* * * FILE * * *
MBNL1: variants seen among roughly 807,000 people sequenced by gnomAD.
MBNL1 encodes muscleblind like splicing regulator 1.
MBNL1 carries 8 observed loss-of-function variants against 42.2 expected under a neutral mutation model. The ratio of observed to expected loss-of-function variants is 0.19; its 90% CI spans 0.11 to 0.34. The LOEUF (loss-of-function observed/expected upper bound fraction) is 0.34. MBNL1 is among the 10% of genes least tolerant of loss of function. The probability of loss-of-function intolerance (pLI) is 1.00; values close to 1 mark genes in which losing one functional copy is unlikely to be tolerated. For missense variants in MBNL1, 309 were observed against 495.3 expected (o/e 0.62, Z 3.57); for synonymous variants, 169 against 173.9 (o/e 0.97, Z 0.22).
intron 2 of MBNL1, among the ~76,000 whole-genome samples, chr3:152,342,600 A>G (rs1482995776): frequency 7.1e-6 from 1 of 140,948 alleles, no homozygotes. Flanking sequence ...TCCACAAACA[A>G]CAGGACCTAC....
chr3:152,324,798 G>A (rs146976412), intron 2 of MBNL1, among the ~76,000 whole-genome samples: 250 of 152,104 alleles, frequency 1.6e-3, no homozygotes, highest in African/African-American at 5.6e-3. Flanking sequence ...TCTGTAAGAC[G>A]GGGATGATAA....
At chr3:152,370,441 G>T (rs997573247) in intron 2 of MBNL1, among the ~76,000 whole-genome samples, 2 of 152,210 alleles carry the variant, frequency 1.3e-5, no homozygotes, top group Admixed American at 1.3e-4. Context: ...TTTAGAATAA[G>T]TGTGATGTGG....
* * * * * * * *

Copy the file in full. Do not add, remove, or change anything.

MBNL1: variants seen among roughly 807,000 people sequenced by gnomAD.
MBNL1 encodes muscleblind like splicing regulator 1.
MBNL1 carries 8 observed loss-of-function variants against 42.2 expected under a neutral mutation model. The ratio of observed to expected loss-of-function variants is 0.19; its 90% CI spans 0.11 to 0.34. The LOEUF (loss-of-function observed/expected upper bound fraction) is 0.34. MBNL1 is among the 10% of genes least tolerant of loss of function. The probability of loss-of-function intolerance (pLI) is 1.00; values close to 1 mark genes in which losing one functional copy is unlikely to be tolerated. For missense variants in MBNL1, 309 were observed against 495.3 expected (o/e 0.62, Z 3.57); for synonymous variants, 169 against 173.9 (o/e 0.97, Z 0.22).
intron 2 of MBNL1, among the ~76,000 whole-genome samples, chr3:152,342,600 A>G (rs1482995776): frequency 7.1e-6 from 1 of 140,948 alleles, no homozygotes. Flanking sequence ...TCCACAAACA[A>G]CAGGACCTAC....
chr3:152,324,798 G>A (rs146976412), intron 2 of MBNL1, among the ~76,000 whole-genome samples: 250 of 152,104 alleles, frequency 1.6e-3, no homozygotes, highest in African/African-American at 5.6e-3. Flanking sequence ...TCTGTAAGAC[G>A]GGGATGATAA....
At chr3:152,370,441 G>T (rs997573247) in intron 2 of MBNL1, among the ~76,000 whole-genome samples, 2 of 152,210 alleles carry the variant, frequency 1.3e-5, no homozygotes, top group Admixed American at 1.3e-4. Context: ...TTTAGAATAA[G>T]TGTGATGTGG....